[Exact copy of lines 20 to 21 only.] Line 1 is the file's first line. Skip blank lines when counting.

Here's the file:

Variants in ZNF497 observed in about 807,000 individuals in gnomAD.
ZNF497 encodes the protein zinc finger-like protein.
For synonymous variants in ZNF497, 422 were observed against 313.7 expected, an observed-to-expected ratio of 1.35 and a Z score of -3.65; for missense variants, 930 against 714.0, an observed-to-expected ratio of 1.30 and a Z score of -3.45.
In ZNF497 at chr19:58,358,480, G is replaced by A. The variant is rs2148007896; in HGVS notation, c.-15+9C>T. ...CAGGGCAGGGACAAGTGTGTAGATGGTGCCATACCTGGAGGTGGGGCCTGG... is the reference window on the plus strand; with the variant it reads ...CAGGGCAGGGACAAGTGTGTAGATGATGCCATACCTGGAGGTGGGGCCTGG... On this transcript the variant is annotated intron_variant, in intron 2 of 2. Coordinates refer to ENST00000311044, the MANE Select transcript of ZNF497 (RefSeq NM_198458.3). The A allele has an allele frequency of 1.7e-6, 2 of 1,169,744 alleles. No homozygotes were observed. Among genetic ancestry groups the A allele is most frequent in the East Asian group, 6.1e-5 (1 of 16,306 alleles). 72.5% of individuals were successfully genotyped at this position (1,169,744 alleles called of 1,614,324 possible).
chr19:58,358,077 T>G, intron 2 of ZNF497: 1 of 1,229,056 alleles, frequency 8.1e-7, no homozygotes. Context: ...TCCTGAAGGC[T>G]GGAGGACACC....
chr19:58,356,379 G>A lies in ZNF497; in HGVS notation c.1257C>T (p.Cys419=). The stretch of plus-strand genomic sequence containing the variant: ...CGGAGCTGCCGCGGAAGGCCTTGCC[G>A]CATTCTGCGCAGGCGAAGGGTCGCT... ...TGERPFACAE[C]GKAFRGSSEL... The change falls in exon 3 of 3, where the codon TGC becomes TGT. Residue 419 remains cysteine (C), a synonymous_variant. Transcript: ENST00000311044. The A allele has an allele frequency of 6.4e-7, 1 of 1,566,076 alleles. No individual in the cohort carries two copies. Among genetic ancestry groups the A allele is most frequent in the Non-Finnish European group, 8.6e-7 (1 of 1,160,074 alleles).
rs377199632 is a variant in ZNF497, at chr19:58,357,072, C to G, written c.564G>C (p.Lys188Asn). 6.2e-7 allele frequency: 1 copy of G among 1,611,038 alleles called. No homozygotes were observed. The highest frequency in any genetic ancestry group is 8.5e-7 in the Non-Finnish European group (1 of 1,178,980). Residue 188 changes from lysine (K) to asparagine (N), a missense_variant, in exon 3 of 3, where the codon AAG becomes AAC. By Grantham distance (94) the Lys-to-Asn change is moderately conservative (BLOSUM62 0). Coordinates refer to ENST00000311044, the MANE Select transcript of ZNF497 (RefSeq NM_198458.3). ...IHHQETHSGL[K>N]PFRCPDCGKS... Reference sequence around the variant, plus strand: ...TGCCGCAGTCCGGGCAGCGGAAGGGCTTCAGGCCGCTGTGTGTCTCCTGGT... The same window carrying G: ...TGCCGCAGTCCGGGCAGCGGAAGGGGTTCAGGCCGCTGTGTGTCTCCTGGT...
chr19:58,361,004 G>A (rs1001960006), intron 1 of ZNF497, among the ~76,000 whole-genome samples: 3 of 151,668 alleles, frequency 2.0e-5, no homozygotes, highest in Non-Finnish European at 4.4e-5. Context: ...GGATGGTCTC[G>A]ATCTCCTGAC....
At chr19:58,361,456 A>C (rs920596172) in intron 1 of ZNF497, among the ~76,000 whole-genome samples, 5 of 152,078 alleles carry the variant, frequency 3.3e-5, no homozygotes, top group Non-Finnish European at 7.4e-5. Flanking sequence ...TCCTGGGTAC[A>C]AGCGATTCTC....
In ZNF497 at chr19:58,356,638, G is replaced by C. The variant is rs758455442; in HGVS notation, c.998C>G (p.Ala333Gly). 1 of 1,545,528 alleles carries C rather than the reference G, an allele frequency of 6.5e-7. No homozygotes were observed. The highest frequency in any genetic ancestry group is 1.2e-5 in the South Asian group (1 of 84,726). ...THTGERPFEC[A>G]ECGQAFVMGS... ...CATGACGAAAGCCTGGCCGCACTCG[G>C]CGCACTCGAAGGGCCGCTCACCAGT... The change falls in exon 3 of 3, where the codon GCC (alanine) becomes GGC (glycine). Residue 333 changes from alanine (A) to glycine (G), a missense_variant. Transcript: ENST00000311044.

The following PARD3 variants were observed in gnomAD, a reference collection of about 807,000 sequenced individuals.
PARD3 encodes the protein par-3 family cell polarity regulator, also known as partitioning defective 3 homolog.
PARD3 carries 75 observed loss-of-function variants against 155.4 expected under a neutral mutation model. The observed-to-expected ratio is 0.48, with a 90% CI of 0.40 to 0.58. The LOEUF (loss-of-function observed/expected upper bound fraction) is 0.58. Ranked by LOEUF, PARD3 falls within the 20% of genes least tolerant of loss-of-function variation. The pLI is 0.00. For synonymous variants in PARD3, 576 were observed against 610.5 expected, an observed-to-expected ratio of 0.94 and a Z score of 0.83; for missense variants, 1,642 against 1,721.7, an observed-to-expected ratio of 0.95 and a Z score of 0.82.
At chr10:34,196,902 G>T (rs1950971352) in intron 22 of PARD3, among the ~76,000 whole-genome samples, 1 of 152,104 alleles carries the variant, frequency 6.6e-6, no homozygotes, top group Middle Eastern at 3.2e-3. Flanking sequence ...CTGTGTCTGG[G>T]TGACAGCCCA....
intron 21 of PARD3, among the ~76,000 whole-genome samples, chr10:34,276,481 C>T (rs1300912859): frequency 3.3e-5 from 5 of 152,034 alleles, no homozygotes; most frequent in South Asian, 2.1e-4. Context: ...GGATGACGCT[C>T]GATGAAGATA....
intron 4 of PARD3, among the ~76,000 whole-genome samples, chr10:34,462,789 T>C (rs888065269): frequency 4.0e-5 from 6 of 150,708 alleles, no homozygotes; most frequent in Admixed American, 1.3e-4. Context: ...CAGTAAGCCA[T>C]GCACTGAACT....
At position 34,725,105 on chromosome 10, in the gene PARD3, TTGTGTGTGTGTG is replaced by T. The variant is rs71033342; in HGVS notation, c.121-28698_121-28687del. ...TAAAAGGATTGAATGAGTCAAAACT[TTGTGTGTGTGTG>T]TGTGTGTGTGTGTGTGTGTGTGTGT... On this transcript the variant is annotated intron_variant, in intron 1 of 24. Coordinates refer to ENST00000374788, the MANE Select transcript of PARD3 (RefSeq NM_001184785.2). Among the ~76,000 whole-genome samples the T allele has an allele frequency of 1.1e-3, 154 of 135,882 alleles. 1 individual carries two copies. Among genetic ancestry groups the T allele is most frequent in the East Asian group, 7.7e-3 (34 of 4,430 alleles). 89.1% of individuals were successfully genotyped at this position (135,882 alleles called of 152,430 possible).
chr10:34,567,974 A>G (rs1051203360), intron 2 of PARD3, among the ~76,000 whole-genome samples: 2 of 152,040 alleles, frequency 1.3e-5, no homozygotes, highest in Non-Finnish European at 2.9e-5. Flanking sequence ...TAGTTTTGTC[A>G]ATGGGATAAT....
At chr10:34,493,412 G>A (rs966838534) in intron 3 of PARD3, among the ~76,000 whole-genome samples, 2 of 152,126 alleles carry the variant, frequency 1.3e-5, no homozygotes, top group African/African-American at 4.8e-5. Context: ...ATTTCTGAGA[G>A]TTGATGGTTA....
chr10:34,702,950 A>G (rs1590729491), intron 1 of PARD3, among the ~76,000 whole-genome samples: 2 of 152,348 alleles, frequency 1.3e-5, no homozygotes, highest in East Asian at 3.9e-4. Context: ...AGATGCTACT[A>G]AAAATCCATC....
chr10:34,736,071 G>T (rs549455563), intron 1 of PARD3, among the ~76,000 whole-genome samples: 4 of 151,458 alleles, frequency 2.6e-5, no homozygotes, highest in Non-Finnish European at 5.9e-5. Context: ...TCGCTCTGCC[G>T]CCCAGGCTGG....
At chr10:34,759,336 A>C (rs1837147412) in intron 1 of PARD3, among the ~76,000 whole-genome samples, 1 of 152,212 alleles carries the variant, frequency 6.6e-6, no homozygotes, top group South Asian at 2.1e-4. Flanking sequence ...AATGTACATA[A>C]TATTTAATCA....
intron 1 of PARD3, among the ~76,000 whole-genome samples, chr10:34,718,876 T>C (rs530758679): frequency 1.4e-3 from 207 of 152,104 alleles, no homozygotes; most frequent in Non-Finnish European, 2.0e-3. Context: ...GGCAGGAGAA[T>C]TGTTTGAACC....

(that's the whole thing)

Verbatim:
chr10:34,702,950 A>G (rs1590729491), intron 1 of PARD3, among the ~76,000 whole-genome samples: 2 of 152,348 alleles, frequency 1.3e-5, no homozygotes, highest in East Asian at 3.9e-4. Context: ...AGATGCTACT[A>G]AAAATCCATC....
chr10:34,736,071 G>T (rs549455563), intron 1 of PARD3, among the ~76,000 whole-genome samples: 4 of 151,458 alleles, frequency 2.6e-5, no homozygotes, highest in Non-Finnish European at 5.9e-5. Context: ...TCGCTCTGCC[G>T]CCCAGGCTGG....